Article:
Are you struggling to regain your normal energy levels, feeling tired and worn-out, unable to concentrate or perhaps lacking in motivation?

These are some of the symptoms that may indicate the hormonal output from your adrenal glands has been disrupted resulting in adrenal fatigue, a prevalent condition in recent times, especially in the Western world, which often goes unrecognised by the medical profession.

Adrenal Fatigue & Nutrition

Although each one of us is uniquely different and what works for one doesn’t for another, there are, none-the-less, several nutritional strategies that could help you to manage your symptoms.

There are a couple of things you need to take on board from the outset.

  1.   You should be avoiding foods that will make you feel worse.
  2.   You should make a conscious effort to eat the foods that will help you to recover. Think of food as your first line of defence for recovery.

Eating nutritious whole foods, while avoiding foods which you are sensitive or intolerant to and eating at the right times are just some of the things you need to think about. However, this is a complex health condition so here are some basic things you need to know.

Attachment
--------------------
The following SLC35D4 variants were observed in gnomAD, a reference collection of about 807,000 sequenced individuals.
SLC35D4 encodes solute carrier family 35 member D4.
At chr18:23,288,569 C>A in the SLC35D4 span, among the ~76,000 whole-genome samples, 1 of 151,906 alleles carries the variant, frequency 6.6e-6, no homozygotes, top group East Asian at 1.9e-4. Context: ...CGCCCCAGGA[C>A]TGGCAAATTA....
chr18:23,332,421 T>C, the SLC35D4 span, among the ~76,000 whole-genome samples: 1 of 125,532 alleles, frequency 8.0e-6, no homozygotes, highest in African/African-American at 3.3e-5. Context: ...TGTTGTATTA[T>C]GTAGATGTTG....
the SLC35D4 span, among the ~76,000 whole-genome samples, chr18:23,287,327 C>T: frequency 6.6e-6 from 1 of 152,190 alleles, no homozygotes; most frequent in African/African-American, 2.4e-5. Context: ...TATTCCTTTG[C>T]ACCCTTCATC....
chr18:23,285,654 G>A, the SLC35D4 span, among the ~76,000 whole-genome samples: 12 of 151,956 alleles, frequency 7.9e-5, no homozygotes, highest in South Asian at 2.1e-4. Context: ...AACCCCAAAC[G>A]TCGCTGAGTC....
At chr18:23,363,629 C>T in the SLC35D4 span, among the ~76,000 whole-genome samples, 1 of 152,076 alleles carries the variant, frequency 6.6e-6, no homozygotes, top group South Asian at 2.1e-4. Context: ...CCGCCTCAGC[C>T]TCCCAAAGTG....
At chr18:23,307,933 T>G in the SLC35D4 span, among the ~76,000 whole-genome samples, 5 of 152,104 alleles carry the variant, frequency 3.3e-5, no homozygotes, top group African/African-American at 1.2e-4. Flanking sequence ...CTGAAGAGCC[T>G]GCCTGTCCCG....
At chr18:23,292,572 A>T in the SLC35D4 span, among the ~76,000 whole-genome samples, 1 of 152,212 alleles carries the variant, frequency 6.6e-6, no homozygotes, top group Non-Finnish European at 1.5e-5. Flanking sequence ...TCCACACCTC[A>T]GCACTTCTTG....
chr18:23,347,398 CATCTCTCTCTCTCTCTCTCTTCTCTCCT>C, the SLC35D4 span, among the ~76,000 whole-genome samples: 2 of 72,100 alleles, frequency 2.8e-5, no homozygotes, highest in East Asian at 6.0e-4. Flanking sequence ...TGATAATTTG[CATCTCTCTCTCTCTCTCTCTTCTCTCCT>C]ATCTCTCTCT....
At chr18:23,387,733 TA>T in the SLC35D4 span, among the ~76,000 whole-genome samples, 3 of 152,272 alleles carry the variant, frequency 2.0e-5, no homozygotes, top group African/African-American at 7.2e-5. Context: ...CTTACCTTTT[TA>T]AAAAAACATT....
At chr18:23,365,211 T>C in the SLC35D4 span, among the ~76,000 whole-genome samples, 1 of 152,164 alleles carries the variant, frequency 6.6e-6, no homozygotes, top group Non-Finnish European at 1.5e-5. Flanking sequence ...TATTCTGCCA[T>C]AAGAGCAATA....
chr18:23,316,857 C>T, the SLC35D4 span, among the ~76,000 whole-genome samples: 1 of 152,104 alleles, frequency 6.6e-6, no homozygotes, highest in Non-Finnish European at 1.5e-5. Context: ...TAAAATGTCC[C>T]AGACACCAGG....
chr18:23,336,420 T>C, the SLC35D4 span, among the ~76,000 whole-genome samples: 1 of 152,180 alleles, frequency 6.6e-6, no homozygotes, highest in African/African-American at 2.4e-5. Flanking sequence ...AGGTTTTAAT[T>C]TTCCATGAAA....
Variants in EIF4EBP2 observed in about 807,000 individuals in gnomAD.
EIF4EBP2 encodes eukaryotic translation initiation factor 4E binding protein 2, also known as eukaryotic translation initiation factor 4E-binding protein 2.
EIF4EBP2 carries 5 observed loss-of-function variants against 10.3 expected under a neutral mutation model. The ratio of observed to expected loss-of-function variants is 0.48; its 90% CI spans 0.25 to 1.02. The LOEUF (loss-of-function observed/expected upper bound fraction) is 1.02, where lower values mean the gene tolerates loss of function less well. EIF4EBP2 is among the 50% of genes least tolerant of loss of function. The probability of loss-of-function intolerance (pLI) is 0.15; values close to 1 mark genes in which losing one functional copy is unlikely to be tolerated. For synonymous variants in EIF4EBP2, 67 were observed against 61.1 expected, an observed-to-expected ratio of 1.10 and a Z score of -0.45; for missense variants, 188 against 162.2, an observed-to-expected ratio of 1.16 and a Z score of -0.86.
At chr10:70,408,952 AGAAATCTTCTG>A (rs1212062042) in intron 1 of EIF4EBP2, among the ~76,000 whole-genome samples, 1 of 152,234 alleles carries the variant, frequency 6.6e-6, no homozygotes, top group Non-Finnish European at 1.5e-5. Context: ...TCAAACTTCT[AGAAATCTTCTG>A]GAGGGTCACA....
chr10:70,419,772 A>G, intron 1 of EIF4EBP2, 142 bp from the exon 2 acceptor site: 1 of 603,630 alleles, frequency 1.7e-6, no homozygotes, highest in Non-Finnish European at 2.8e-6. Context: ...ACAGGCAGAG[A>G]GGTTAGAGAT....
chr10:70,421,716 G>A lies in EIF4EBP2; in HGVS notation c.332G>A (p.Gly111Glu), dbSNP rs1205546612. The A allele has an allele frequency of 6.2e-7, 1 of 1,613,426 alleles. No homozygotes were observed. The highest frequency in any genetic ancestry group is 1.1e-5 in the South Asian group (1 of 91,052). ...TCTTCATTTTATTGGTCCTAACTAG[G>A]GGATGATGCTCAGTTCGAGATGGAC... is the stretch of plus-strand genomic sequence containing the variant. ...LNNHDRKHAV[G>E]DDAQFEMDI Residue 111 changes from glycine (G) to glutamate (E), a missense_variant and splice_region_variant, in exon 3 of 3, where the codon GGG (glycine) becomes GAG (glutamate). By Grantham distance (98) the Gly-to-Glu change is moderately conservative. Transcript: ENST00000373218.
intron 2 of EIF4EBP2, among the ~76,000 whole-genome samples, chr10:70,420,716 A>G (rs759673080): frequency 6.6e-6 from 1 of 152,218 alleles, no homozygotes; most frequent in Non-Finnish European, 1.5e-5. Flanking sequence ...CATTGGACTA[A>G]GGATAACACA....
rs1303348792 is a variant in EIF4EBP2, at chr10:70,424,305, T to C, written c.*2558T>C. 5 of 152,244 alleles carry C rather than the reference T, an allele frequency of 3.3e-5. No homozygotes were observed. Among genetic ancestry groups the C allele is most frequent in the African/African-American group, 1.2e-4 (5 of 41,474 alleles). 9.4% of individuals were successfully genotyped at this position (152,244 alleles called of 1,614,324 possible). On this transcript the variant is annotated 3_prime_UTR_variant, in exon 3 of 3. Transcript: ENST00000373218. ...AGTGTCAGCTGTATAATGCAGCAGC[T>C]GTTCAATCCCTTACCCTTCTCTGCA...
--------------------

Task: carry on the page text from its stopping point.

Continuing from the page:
Dietary Tips

What types of protein, fat and carbohydrates should we or should we not be eating?

Let’s begin with the carbs.

Eating less sugar is a must and great way to start. Too much sugar causes a sharp rise in blood sugar levels, inevitably followed by a sugar crash which leads to sugar cravings or a need for stimulants like caffeine, to address the fall in energy. This causes additional work for our already depleted adrenals, which perpetuates the cycle. Sugar is bad news.

So, you need to ditch added sugar, fast food, soft drinks, cakes, biscuits, sweets, chocolate and white flour based foods, in other words all those sugar laden foods. Instead, aim to get your carbs from unrefined wholesome sources like vegetables, beans, quinoa and whole-wheat pasta, bread and rice.